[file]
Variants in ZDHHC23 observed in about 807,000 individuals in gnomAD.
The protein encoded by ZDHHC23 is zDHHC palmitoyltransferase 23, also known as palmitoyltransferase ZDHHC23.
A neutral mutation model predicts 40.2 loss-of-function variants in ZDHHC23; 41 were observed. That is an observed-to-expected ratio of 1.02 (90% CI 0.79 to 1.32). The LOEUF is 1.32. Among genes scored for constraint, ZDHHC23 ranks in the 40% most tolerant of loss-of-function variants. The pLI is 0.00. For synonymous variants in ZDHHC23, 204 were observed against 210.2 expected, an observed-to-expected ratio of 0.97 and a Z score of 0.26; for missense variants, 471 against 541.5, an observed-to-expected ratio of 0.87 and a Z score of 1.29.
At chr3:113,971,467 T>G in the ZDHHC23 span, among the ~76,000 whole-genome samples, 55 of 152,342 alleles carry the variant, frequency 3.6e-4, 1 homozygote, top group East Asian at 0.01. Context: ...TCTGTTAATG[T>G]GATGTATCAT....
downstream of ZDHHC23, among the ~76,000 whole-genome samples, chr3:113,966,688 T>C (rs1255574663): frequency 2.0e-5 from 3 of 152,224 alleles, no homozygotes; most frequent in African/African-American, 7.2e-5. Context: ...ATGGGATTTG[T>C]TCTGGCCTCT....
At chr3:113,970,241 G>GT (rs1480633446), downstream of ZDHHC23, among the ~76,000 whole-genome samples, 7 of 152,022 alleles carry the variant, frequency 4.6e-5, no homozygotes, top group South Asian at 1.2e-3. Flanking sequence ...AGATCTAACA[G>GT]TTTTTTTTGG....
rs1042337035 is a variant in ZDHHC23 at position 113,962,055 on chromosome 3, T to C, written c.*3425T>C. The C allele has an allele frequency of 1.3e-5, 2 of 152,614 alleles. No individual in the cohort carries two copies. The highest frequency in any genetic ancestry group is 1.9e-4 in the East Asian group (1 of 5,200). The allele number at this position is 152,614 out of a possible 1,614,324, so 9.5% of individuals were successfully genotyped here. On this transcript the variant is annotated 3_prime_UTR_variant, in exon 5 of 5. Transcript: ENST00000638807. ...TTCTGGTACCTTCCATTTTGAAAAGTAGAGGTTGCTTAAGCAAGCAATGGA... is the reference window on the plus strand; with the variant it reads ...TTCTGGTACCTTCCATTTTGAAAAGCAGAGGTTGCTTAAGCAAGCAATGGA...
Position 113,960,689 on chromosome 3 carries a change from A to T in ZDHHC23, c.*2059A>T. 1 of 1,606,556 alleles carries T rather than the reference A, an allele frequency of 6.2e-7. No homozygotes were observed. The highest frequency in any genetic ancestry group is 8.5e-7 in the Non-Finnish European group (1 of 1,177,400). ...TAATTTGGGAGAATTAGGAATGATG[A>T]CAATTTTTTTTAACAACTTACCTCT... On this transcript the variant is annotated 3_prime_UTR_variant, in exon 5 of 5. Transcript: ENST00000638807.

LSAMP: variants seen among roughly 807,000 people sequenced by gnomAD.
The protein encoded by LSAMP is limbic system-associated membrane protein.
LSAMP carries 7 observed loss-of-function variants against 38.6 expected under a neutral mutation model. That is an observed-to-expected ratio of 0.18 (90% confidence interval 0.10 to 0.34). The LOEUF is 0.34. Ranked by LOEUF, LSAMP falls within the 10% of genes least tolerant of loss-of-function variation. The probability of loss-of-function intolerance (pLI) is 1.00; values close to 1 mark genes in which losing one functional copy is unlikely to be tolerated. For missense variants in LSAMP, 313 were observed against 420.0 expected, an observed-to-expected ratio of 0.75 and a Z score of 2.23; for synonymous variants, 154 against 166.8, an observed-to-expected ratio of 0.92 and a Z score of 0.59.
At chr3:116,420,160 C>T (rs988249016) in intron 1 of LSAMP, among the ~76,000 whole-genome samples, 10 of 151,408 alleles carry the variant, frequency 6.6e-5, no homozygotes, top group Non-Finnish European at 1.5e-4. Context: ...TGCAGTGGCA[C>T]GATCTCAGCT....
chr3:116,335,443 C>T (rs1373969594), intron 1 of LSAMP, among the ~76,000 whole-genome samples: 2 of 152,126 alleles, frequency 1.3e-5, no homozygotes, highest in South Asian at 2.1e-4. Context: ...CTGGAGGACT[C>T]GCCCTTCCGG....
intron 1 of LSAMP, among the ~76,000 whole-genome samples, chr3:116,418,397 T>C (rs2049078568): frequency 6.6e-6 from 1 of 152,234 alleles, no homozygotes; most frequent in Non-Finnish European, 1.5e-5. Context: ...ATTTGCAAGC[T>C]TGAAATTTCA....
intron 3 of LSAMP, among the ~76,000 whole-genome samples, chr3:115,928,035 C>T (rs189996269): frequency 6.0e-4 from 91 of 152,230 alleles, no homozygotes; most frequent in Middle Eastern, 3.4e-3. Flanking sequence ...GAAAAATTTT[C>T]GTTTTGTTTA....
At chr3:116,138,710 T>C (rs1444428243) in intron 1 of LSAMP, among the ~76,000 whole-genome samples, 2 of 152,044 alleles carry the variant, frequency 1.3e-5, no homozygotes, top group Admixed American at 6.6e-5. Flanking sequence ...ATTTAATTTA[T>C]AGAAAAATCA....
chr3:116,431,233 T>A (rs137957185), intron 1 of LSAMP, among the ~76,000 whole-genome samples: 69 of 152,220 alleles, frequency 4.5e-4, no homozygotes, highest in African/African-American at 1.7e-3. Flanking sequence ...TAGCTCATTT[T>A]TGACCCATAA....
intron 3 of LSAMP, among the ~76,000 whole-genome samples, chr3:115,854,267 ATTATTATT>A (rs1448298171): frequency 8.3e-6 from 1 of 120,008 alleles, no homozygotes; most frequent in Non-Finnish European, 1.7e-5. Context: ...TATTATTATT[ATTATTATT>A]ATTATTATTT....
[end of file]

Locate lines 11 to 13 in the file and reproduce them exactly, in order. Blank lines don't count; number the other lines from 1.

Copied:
LSAMP carries 7 observed loss-of-function variants against 38.6 expected under a neutral mutation model. That is an observed-to-expected ratio of 0.18 (90% confidence interval 0.10 to 0.34). The LOEUF is 0.34. Ranked by LOEUF, LSAMP falls within the 10% of genes least tolerant of loss-of-function variation. The probability of loss-of-function intolerance (pLI) is 1.00; values close to 1 mark genes in which losing one functional copy is unlikely to be tolerated. For missense variants in LSAMP, 313 were observed against 420.0 expected, an observed-to-expected ratio of 0.75 and a Z score of 2.23; for synonymous variants, 154 against 166.8, an observed-to-expected ratio of 0.92 and a Z score of 0.59.
At chr3:116,420,160 C>T (rs988249016) in intron 1 of LSAMP, among the ~76,000 whole-genome samples, 10 of 151,408 alleles carry the variant, frequency 6.6e-5, no homozygotes, top group Non-Finnish European at 1.5e-4. Context: ...TGCAGTGGCA[C>T]GATCTCAGCT....
chr3:116,335,443 C>T (rs1373969594), intron 1 of LSAMP, among the ~76,000 whole-genome samples: 2 of 152,126 alleles, frequency 1.3e-5, no homozygotes, highest in South Asian at 2.1e-4. Context: ...CTGGAGGACT[C>T]GCCCTTCCGG....